On ingenuity

You have to admire drug dealers. Not for their ruthless savagery, moral depravity, or social uselessness, but rather for their ingenuity.

In comparison, I have colleagues in synthetic organic chemistry who are masters of the art (and synthetic organic chemistry is indeed an art). They spend lifetimes learning arcane reactions and coming up with elegant new transformations, all so that they can sculpt carbon and other elements into whatever molecules they want. Of course, this is big business, too, because the best artists can develop shorter, easier, cheaper syntheses of drugs, and in so doing can vastly reduce the costs of goods for the pharmaceutical industry. Even better, these wizards can make compounds never seen before, and can thereby potentially create new drugs.

As an example, my colleague Phil Magnus recently developed a quite brilliant synthesis of certain opioid intermediates, a synthesis that cuts several steps off of previously published syntheses. It seems likely that Phil’s synthesis will now prove useful for making Alzheimer’s drugs much more cheaply.

Now, some drugs do not just heal the chemistry of the body, they alter the chemistry of the brain. They are addictive. Without getting into whether addictions (and wars on addictions) are in and of themselves a good or a bad thing, they are nonetheless intensely profitable things. And the good old invisible hand of Adam Smith thereby drives ingenuity, whether that ingenuity is turned to good ends or otherwise.

So it occurred to me to ask whether or not this new synthesis might lead to the street production of opioids. Initially, I thought this was one of my less productive thought experiments. How could your average thug possibly reproduce what was done by my brilliant colleague and a cohort of highly trained students working in a state-of-the-art research lab? But I was curious, and this brings me full circle to my first sentence. It is amazing what not your average thug, but say a mid-level thug, can do. Take meth labs. A much simpler synthesis than the one for opioids, but still: Birch reductions with the lithium from batteries! Wow. Collection of adequate quantities of starting material by hiring armies of street people to overcome restrictions on the sale of pseudophedrine. Perhaps morally bankrupt, but still ingenious.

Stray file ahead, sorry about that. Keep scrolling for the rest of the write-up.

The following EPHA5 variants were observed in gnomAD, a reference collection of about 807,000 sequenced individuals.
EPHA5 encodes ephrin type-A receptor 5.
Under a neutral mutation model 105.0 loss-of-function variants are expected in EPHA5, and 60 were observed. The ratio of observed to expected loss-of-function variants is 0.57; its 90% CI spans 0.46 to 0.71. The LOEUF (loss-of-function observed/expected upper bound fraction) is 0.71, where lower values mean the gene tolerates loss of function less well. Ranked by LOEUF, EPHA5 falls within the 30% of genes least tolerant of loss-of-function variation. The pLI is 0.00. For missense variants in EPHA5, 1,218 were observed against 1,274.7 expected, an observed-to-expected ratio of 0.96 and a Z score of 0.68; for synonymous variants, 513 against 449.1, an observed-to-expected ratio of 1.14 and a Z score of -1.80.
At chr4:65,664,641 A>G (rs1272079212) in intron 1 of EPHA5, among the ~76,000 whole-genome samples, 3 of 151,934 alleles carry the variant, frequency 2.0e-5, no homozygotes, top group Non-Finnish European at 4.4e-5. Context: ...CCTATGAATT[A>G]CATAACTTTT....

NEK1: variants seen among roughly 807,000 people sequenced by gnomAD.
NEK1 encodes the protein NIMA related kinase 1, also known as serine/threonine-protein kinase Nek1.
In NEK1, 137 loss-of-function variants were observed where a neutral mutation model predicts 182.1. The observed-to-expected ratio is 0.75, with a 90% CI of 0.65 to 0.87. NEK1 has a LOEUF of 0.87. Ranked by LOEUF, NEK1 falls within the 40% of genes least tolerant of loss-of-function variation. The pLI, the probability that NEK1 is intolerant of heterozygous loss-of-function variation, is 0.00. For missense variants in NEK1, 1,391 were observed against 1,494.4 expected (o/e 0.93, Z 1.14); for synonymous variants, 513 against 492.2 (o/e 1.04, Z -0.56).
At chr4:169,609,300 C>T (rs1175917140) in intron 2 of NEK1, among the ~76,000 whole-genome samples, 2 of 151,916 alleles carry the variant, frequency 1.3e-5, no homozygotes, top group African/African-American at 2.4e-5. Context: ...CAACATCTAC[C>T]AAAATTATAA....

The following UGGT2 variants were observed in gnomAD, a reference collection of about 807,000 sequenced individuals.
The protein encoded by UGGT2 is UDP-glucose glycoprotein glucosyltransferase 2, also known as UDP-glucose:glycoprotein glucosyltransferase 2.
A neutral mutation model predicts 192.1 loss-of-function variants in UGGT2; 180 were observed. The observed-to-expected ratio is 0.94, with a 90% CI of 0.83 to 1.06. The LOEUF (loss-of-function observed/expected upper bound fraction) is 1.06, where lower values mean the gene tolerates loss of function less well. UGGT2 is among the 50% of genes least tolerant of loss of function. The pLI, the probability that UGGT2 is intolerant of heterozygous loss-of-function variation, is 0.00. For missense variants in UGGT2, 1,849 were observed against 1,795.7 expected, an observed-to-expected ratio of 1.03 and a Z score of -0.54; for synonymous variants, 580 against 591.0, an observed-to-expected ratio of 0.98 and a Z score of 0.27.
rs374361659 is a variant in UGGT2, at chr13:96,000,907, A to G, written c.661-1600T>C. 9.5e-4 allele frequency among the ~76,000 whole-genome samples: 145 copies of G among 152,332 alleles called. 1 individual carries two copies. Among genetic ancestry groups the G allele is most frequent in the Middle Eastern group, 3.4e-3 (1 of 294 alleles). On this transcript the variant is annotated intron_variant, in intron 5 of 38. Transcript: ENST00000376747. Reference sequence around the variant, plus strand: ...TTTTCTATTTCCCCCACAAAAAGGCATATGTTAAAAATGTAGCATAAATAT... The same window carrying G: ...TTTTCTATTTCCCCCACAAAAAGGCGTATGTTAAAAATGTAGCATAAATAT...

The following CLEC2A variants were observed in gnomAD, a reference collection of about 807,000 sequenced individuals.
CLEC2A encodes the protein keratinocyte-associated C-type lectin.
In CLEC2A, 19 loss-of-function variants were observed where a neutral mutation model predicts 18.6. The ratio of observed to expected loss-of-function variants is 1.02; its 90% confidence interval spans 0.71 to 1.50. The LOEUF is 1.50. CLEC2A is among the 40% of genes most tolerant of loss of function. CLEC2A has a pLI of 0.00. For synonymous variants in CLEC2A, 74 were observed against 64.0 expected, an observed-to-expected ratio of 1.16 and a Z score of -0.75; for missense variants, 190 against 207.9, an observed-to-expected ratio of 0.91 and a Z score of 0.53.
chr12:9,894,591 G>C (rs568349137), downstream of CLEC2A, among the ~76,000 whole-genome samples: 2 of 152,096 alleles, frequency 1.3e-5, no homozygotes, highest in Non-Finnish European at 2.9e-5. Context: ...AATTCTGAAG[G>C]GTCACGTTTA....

So, I reverse engineered Phil’s synthesis a bit, and … I think it’s still not a go for the street (see Magnusc, although I have removed the summary slide that summarizes “Andy’s bathtub synthesis of opioids;” I’ll just leave that one safely behind the curtain).

Nonetheless, the thought exercise was useful on another level, one that relates to other posts. If the invisible hand can make thugs into synthetic organic chemists of a sort … why would this not make street synthetic biologists, the “DIY Bio” crowd, a force to be reckoned with? My opinion of the current DIY Bio community is that it’s more than a bit laughable. But that is likely precisely because they are motivated only by curiosity, and not by screaming self-interest. Once synthetic biology is shown to produce an actual product, something that makes money, then there will be more than enough motivation for a host of imitations, innovations, and bastardizations.

And that perhaps is the only reason that I sometimes revise my own estimation of synthetic biology as a security threat. Usually I rank it really, really low on the totem. But every now and again I think: If gigantic pots of money can lead to quite sophisticated submersibles being built in jungles to run drugs into our country, then what will happen when similar pots of money are available to those who figure out how to make genes on the fly?


- originally posted on Saturday, September 25th, 2010